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January sales up 2.3%, but at what cost to retailers? Monday, 6th February 2012
New data shows sales in January were 2.3 per cent higher for this year than the one before, but with prices coming in at 5.2 per cent lower than in December and 1.5 per cent less year on year, can retailers afford to make the discounts?
The figures from MasterCard Spending Pulse suggest that although January was a traditional month for sales, there had been a much steeper discount than usual on December prices.
Shweta Chaudhury, managing director of SpendingPulse, said: “We have seen modest sales growth but it’s definitely come off the back of price reductions. Obviously, stores gained volume, but it looks like they have sacrificed margins to boost sales.”
The figures will raise fears that consumers may be starting to expect price cuts. “There’s a risk here that retailers are conditioning shoppers to shop for discounts,” Chaudhury said. “The key question looking ahead is whether consumers are now fixed on retailer discounts or willing to buy again at full price?”
Department stores and clothing shops experienced a strong month, with sales rising 6.7 per cent and 6.3 per cent. Supermarket sales growth reached its lowest rate, at 0.6 per cent, since the survey began in March 2010.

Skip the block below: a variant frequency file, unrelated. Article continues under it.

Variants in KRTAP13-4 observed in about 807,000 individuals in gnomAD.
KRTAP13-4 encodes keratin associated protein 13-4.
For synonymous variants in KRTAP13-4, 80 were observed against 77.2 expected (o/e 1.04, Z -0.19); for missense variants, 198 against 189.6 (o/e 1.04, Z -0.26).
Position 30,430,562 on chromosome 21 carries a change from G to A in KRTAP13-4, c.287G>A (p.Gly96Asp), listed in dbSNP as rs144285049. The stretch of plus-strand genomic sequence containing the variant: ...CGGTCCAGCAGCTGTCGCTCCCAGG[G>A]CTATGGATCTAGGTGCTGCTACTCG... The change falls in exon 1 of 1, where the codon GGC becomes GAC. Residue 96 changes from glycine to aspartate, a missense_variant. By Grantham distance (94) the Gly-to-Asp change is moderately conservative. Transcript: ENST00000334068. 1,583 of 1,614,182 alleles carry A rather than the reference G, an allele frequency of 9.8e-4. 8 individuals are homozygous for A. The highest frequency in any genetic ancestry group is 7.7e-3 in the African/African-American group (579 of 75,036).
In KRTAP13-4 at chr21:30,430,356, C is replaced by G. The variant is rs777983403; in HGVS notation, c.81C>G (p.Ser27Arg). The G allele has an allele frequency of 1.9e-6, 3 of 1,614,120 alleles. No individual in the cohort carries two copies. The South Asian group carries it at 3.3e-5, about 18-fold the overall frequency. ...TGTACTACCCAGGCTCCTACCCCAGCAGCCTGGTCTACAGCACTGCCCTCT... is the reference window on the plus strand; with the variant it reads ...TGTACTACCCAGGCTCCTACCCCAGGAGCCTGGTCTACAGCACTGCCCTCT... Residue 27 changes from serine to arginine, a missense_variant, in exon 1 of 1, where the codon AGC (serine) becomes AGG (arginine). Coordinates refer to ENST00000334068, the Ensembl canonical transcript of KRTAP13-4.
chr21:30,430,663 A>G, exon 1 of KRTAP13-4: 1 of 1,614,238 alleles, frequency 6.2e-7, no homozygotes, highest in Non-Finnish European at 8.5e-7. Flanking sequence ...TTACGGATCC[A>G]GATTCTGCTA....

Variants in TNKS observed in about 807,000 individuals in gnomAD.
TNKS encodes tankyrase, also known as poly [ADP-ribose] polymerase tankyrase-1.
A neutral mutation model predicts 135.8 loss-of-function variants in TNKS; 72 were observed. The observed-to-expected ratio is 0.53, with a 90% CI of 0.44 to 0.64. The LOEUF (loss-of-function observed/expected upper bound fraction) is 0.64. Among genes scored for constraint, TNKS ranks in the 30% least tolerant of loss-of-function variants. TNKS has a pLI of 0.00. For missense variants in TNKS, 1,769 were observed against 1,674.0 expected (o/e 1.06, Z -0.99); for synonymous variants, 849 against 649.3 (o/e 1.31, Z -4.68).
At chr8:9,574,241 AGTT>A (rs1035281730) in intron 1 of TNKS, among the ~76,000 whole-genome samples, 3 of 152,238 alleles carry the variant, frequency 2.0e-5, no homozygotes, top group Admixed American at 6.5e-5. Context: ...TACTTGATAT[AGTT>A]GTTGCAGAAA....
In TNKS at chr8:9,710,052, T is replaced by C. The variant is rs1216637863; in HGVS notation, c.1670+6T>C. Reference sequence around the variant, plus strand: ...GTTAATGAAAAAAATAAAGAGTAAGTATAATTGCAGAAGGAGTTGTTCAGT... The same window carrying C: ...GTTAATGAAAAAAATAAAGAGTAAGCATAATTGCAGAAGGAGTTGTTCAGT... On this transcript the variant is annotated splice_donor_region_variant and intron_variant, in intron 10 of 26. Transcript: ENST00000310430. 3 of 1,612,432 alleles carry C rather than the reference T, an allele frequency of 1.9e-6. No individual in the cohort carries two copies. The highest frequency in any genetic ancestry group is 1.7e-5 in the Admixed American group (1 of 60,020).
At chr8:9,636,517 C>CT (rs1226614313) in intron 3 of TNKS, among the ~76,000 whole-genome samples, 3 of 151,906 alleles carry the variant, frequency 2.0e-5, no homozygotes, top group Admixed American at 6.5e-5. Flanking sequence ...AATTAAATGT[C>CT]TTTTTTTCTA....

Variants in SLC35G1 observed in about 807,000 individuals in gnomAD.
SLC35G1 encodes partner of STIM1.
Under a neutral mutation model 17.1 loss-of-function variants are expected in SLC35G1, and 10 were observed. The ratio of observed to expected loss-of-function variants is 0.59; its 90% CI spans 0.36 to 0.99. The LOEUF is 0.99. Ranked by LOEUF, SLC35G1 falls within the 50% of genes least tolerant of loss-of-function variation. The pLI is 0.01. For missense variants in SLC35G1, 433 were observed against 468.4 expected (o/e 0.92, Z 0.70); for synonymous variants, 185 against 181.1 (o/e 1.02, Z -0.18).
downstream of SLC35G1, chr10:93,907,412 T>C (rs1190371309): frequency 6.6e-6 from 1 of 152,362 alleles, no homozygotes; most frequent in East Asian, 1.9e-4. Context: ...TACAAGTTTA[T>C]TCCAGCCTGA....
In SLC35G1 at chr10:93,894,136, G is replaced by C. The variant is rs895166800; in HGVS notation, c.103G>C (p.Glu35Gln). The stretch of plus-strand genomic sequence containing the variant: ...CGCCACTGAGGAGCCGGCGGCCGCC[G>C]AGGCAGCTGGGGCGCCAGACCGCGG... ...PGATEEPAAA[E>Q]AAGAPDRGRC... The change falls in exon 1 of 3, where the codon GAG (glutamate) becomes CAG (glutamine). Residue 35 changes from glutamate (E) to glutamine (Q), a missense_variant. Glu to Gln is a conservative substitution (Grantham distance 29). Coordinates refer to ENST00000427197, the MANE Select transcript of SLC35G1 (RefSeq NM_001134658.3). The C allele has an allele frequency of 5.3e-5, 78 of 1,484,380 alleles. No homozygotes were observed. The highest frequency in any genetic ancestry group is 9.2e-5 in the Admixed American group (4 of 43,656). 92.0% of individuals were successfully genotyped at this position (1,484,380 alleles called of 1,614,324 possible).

Chaudhury added: “We have seen pockets of good news, around department stores and clothing, but we have also seen spending remain very subdued on furniture, which is very driven by the housing market. We saw a bad final quarter of 2011 and we have to be cautious because we have still not seen strong sales growth at full prices.”
The MasterCard data is extrapolated from credit card spending and survey-based estimates for cash and cheque payments. It tends to track the official figures from the Office for National Statistics, which will be published this month.